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July 30, 2011

Breaking changes in the latest TYPO3 Security Release

Category: Security

By: Helmut Hummel

Since some people contacted us with questions regarding the latest release, this post will elaborate on the changes in that release and why they have been done that way.

Update: The compatibility issue has been fixed in between (see release notes)

In the latest TYPO3 release the following breaking changes have been introduced:

  1. Changed TypoScript for headline rendering
  2. Added requirement for ExtDirect components to be reigistered through a newly introduced API

1. Changed TypoScript rendering for headlines

As mentioned in the security bulletin, "getText" parsing (insertData = 1) was enabled for the complete headline, leading to an uneccessary and unwanted information disclosure possibility. But we could not fix this by simply turning it off (insertData = 0) because the default headline rendering relies on it to add style and CSS class information to the headline wrapping and the "fontTag" property does not support such a thing.

So we had to move the headline wrapping to the "dataWrap" property, which is a breaking change, because many people already modified the headline rendering in their installations.

We discussed two options how to cope with this:

  1. Deliver an unchanged (and insecure) TypoScript by default and informing the people in the bulletin to manually fix their installations to make them secure.
  2. Deliver the changed (secure) TypoScript and informing the people to manually fix the rendering in their installations.

As you see, both options require manual interaction and because of the "nature" of this security issue, we could not provide an automatic update/upgrade path.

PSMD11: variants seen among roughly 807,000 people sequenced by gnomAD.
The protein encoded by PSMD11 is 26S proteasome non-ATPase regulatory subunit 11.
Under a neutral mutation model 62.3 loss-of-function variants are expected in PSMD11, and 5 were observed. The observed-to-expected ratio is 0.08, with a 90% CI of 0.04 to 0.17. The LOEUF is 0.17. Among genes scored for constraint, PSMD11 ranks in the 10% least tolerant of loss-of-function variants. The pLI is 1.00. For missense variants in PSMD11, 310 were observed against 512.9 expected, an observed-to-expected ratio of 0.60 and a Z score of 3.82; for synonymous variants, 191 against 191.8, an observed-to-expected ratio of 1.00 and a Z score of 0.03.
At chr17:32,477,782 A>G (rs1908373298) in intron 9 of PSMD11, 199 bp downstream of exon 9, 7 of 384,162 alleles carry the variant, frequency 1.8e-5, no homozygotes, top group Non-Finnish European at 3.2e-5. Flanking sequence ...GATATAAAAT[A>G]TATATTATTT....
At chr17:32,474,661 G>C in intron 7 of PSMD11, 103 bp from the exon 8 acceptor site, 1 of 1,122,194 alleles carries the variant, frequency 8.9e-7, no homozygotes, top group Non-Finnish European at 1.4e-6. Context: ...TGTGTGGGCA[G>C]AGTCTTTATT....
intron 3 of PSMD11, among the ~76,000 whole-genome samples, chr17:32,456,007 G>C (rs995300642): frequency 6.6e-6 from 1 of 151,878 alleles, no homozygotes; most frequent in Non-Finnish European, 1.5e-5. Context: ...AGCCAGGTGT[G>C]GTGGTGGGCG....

We chose the second option here: Security over possibly breaking the headline rendering.

2. Introducing new API for ExtDirect components

As also mentioned in the bulletin, there was unfortunately a desing error in the ExtDirect components API, that no access control had been (and could have been) applied for them. So we needed to introduce an API which makes it possible to apply and check the access to ExtDirect consumers. Like above we had two possibilities:

  1. Allow "old" ExtDirect components to still work (insecure if third party modules have been installed), throwing only a deprecation message, but at least modify all core components to use the new API.
  2. Disable Access for components which have not been properly registered through the new registering API (secure).

As you see, this also requires manual interaction on the user/ administrator side to fix both security and functionality issues.

In this case we chose the first option. Here is why:

First of all, a breaking change here would have caused much more trouble than a wrong rendering. It would have completely disabled the functionality, which an administrator probably could not even fix without involving a third party. Secondly we assumed that not too many third party modules using ExtDirect are existing, so the security impact for the vast majority of the TYPO3 users would just not exist. Last but not least, we could easily fix the core modules to be secure.

What do we learn from this?

We, the Security Team, learned that it might be not enough to mention breaking changes in the bulletin only and we strive to communicate such things (in case of necessity) more prominent in the future.

But we also kindly ask you to carefully read the advisories we write, as we really put a lot of effort in writing them as clearly as possible for you to have all required information to fix the issues. As well we're trying to give the least information on how to exploit the issues, to also give you more time for the update and all necessary steps to take, to make your TYPO3 installation secure again.

Thank you for your patience and your understanding.


comments

comment #1
Gravatar: Xavier Perseguers Xavier Perseguers July 31, 2011 10:24
Breaking changes are always a problem as it (often) cannot be transparently upgraded. I like the way you carefully chose how to handle the situation by either forcing the administrators to adapt their possible modification or by logging a (now) deprecated usage of the API.

When it comes to security, this is worth the minor hassle.

Thanks to the whole security team!

comment #2
Gravatar: Charles Coleman Charles Coleman August 2, 2011 17:34
Right on guys! I agree with the approach you took as well. Thanks for the communication!

comment #3
Gravatar: Tobias Daur Tobias Daur August 18, 2011 11:55
Well done. Thanks for the blog entry.

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